He feels that he might have sold out, but he sometimes feels he has a special destiny. Beverly perks up at this, saying that maybe that’s why Howard was brought to Earth. Or it could be the work of shitty screenwriting. Both are pretty plausible.
He says he has no intention of sticking around and wants to get back home. Beverly agrees and as she talks about finding someone to help, Howard nods off by a window. Can’t say I blame him.
We go even deeper into the twilight zone as the music gets all tender as Beverly approaches. She strokes the feathers on his head before putting a blanket over him.
Okay, this is getting weird.
She picks up his wallet as it falls to the floor, and flips through it, finding some photos of Howard with bikini clad lady ducks (I think the writers of this film were on cocaine), credit cards (complete with obvious duck puns), money (one dollar bills, only Washington has a duck’s bill), and a condom.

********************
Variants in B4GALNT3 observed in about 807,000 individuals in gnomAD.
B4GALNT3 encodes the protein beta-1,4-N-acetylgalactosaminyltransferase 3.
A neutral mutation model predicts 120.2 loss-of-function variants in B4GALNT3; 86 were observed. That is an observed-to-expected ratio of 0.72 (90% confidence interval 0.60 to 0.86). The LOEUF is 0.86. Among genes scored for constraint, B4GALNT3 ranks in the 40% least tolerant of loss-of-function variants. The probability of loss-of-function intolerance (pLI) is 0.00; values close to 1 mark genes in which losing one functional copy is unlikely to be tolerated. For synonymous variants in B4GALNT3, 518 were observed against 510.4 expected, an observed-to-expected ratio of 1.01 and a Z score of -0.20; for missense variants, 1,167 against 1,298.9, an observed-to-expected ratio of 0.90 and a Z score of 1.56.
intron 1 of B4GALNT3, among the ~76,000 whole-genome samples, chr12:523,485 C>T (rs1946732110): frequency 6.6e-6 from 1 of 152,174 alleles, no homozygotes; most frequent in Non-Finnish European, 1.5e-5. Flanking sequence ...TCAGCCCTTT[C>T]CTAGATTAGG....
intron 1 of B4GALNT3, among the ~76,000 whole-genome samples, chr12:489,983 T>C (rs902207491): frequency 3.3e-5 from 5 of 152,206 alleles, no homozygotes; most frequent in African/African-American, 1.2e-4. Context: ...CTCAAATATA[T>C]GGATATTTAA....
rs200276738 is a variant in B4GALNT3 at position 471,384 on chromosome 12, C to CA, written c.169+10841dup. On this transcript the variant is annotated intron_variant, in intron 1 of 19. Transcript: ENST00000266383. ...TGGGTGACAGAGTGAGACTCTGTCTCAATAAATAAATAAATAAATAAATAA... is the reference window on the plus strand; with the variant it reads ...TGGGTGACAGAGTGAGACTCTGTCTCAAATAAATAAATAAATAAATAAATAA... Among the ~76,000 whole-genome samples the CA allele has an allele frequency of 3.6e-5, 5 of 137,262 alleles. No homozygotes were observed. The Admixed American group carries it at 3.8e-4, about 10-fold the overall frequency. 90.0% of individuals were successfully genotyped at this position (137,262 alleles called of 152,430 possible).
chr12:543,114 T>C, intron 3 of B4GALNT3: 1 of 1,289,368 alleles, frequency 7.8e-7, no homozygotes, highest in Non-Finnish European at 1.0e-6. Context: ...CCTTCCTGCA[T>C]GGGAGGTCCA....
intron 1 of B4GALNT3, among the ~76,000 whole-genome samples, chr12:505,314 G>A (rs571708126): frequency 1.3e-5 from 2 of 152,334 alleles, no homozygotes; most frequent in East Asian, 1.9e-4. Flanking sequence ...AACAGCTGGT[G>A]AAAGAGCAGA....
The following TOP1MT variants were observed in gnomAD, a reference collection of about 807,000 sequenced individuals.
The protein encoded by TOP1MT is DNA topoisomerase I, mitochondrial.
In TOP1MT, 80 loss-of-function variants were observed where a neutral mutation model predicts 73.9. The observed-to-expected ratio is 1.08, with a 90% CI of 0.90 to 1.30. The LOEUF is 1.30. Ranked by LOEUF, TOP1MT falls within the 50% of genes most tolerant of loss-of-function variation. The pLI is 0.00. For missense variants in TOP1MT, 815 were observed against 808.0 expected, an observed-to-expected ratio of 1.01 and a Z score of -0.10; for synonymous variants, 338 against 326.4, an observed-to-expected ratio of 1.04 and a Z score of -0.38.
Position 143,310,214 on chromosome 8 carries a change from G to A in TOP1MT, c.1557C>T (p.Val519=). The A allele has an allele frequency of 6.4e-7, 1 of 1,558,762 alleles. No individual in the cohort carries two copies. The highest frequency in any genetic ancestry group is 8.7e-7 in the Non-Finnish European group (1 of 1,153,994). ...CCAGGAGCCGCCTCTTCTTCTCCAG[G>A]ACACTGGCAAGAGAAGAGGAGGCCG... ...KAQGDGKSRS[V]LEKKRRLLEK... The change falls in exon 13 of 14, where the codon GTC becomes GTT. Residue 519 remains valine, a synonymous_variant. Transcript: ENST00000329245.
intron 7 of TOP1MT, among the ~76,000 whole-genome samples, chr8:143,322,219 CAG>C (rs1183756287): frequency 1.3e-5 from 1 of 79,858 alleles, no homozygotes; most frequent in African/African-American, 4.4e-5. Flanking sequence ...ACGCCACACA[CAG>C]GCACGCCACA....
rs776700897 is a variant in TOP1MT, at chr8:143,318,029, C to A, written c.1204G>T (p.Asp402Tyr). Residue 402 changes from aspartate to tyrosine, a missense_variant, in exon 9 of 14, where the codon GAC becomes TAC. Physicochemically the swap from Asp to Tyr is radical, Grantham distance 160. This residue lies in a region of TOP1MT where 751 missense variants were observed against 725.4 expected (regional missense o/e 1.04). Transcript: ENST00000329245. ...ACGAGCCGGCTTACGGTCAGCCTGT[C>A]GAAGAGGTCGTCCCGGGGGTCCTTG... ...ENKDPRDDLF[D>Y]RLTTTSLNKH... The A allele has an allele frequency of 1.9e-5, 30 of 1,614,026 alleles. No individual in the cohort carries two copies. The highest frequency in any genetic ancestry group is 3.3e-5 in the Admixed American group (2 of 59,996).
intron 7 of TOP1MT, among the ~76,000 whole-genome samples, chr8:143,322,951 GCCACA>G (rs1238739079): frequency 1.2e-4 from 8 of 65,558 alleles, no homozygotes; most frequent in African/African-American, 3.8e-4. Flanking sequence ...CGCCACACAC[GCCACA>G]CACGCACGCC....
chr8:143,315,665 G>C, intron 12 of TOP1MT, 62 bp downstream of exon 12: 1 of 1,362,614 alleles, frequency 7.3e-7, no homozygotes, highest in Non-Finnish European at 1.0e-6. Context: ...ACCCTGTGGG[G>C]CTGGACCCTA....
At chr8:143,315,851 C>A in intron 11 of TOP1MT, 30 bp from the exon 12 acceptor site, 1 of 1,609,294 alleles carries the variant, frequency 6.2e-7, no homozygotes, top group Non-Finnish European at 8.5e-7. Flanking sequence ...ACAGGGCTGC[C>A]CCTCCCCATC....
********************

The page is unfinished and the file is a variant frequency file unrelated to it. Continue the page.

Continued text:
Well, maybe the writers were on a mixture of cocaine and brown acid.
Now then, Beverly sits across from Howard and says “What am I going to do with you, Ducky?” while watching him sleep. Yes, not only is our heroine awkward, she’s a bit on the creepy side, too!
Man, one year she’s falling in love with her own son from thirty years in the future, and now she’s getting close to “bunny boiler” levels with a duck from another planet. Is it any wonder Lea Thompson ended up on Caroline in the City?